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Over his basketball career, Andre Iguodala has been an Olympic gold medalist, an All-Star, an All-Defensive team performer, an NBA Finals MVP, and three-time NBA champion. In his fittingly titled memoir “The Sixth Man,” he reveals his basketball journey, from his humble beginnings to his greatest achievements. So, get ready to discover Iguodala’s career path – as well as his views on a few controversial topics such as race and college sports!
Once Iguodala hit senior year, he only had one goal: to get as far away as possible from his hometown of Springfield, Illinois. “Don’t get me wrong,” he writes. “Springfield was a fine place to grow up. It wasn’t overly dangerous or crazy. There was an average amount of crime and gunplay, always some kids acting wild and certainly some dudes dealing drugs, and all that came with that. But I wasn’t really affected by it. Once everyone saw that I had some talent, they kind of protected me. ‘You can’t come with us,’ they’d say. ‘You’re not about this life.’”
But that other life – making it to the NBA and becoming a global basketball superstar – is never really a given for a poor black boy from a small town. It has to be earned – and even then, you don’t know if luck would be on your side. One of Iguodala’s early sports heroes – a promising basketball player named Jeff Walker – made a few bad decisions in his life, and never made it, despite his talents and skill. Just like many similar towns, Springfield was a place “full of stories like that, of people who had, through some combination of fate and inertia, ended up with lives they didn’t quite choose or wouldn’t have chosen.”
Iguodala’s mother wasn’t an exception; even so, she was determined to raise smart and dedicated kids capable of rising above the temptations of the lower-economic neighborhood – so that they could leave it one day. “Springfield is a place,” she told Andre once, “that if you’re not careful, you can get stuck here.” He never forgot that – and he is still immensely grateful to her for the main lesson she taught him while he was growing up: to get the very best out of himself.
By seventh grade, Iguodala had already earned “a little rep around town as something of a baller.” He was also a fairly good student, earning a place in the all-white honors class as well. “I think you might be in the wrong classroom, dear,” his teacher said upon seeing him. She backed off only after Andre agreed to show her his schedule. “The freedom to be unaware of racism simply doesn’t last long if you’re black,” comments Iguodala.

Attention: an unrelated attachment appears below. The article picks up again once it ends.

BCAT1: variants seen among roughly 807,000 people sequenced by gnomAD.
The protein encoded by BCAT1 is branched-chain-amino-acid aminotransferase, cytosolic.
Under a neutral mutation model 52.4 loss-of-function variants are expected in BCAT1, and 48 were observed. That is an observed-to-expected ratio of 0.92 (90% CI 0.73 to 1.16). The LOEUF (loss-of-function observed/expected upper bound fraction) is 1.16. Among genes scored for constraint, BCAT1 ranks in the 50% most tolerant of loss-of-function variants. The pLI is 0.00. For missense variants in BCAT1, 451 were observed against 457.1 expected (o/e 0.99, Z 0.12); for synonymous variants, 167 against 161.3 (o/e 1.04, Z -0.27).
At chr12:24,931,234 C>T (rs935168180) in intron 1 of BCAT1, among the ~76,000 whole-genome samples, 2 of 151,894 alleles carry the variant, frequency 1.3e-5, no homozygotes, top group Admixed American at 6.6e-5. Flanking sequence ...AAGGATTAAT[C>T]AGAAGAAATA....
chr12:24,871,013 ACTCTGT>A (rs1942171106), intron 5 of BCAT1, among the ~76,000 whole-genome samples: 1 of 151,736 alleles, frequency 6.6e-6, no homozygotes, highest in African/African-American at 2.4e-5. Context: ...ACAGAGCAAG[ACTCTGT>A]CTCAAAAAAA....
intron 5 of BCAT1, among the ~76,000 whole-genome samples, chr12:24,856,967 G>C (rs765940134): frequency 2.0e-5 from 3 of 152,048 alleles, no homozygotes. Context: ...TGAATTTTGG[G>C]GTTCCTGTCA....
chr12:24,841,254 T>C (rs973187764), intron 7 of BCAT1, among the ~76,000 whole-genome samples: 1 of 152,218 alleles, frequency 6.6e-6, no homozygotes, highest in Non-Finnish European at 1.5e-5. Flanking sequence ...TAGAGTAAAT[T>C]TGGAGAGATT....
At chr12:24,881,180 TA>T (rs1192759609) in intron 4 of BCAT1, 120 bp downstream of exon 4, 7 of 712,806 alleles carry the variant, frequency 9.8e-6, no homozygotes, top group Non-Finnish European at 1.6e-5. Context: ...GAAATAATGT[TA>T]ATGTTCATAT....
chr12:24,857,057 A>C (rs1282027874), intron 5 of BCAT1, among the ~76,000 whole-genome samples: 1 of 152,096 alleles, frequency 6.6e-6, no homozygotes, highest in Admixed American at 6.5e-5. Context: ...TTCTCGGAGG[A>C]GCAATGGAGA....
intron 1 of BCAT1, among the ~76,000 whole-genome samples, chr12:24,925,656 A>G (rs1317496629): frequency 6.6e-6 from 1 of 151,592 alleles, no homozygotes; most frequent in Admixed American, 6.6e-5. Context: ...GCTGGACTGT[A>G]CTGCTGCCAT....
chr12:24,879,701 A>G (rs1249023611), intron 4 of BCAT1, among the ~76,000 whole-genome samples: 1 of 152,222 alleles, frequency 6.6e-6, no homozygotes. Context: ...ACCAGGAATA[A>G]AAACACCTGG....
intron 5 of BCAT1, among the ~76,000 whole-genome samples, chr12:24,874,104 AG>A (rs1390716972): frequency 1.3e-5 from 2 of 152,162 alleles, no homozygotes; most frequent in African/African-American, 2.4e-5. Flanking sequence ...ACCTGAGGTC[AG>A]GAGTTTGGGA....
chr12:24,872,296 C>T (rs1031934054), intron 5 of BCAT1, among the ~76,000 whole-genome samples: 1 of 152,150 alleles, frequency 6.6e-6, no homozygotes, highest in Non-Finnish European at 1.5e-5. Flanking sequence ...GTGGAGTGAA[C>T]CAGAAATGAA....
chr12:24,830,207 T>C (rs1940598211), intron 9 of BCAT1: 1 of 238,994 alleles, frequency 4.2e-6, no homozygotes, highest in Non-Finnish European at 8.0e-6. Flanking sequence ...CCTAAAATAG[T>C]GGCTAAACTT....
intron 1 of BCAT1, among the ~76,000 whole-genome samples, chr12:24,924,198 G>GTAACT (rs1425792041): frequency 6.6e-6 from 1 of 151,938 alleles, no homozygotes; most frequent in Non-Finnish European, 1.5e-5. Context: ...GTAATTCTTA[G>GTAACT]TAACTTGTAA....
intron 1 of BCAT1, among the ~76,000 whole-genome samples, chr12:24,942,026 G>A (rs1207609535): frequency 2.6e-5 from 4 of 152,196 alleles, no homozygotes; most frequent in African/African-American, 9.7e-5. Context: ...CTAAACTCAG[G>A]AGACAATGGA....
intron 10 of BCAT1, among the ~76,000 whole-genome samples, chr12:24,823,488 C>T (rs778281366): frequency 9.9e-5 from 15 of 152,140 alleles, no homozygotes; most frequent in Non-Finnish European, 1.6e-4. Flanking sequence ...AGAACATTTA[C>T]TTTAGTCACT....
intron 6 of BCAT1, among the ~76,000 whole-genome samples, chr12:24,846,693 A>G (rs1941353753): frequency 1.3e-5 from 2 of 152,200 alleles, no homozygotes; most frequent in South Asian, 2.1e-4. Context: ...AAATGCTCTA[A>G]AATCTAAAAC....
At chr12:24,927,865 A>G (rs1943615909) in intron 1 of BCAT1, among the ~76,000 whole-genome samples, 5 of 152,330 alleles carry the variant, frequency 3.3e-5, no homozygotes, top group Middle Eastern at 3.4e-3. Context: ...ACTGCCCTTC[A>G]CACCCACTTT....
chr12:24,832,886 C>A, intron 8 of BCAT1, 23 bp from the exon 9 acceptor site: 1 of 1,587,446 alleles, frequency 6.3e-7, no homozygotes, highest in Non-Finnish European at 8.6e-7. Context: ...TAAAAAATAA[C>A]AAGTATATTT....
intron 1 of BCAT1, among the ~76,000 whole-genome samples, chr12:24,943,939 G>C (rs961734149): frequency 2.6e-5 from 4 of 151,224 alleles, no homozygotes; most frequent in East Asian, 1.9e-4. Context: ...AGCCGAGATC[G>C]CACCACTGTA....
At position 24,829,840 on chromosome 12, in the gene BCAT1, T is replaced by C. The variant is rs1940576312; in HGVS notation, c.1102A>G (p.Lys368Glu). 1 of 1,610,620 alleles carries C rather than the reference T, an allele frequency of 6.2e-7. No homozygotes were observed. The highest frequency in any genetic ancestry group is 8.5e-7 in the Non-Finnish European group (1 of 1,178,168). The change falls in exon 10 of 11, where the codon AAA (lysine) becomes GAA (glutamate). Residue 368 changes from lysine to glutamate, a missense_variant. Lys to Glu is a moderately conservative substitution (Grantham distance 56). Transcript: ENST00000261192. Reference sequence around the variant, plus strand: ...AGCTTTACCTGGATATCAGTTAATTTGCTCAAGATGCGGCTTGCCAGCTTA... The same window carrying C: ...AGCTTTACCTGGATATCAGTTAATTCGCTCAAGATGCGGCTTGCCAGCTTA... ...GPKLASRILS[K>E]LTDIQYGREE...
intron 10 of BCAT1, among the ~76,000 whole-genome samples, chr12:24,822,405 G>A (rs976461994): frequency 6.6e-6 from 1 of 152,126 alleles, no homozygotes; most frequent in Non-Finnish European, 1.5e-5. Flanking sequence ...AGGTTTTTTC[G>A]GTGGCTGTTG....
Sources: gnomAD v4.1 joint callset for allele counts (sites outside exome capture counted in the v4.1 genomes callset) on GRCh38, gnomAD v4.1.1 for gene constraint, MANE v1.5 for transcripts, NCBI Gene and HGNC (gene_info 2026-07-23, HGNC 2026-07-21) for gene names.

Because of numerous similar experiences, when the time came, he was resolved to go to a program with a black coach. That’s why he blew off Arizona’s famous coach, Lute Olson, and signed a letter of intent with Arkansas coach Nolan Richardson. However, just a few weeks after he had committed, Richardson resigned from his position in “an explosive press conference where he’d said flat out that he was ‘judged by a different standard and we all know why.’”
Iguodala had no choice but to call Olson once again and tell him he had reconsidered going to Arizona. “Fine,” Olson said, “but you have to come out here. I’m not recruiting you twice.” He didn’t have to.
While at Arizona, Iguodala discovered a painful truth about the college basketball system. Namely, that it was a racket. “Sports is people telling you to use your body to make them money,” writes Iguodala earnestly. “In professional sports, you are receiving a paycheck in exchange. In college, you are not. But why is that? In college, they are still generating income.”
After watching “Blue Chips” and tapes of Michigan’s notorious Fab Five, Andre started thinking about how much money he and his teammates were making for his college. Not just in ticket sales and TV rights, but also in jerseys, concessions, enrollment, tuition, and branding. And what did they get in return? Not even a proper education. True, Iguodala was an all-conference academic his entire time there and left with a 3.0 average, but only because he chose to follow his mother’s advice and study. The university itself didn’t care one bit about anything other than his body.
“The guys who are being recruited are being recruited for their basketball skills only,” Iguodala remarks disdainfully. “Some of us are coming from situations where no one has cared for a moment about academics in our entire lives. I’ve played with guys who can barely read. I’ve seen guys literally have all their homework completed by ‘tutors.’ They don’t care because the goal is not to educate young men, but to sell tickets, merchandise, and the logo. And those kids’ bodies are what is traded in exchange.”
This was a large part of the reason Iguodala left college early, after only two years. Simply put, college was not the place for him: he believed he was able to play like an adult, and deemed only fair to be paid like one.
So, in preparation for the 2004 NBA draft, he started looking for an agent. He had barely begun searching when agents started looking for him – unsurprisingly, since he was touted as one of the best all-around players in his draft class. Iguodala, however, couldn’t commit to no one; he couldn’t bear their pushiness.
Fortunately, he eventually met with Rob Pelinka, who had represented (among others) Kobe Bryant. Pelinka didn’t talk of business or money – he just wanted to play a game of pingpong and discuss life. “It was the first time in the whole process of looking for an agent that I could just relax,” remembers Iguodala. “I didn’t feel like I needed to protect myself or be on guard about anything. He treated me like a human being and not like a cash cow.”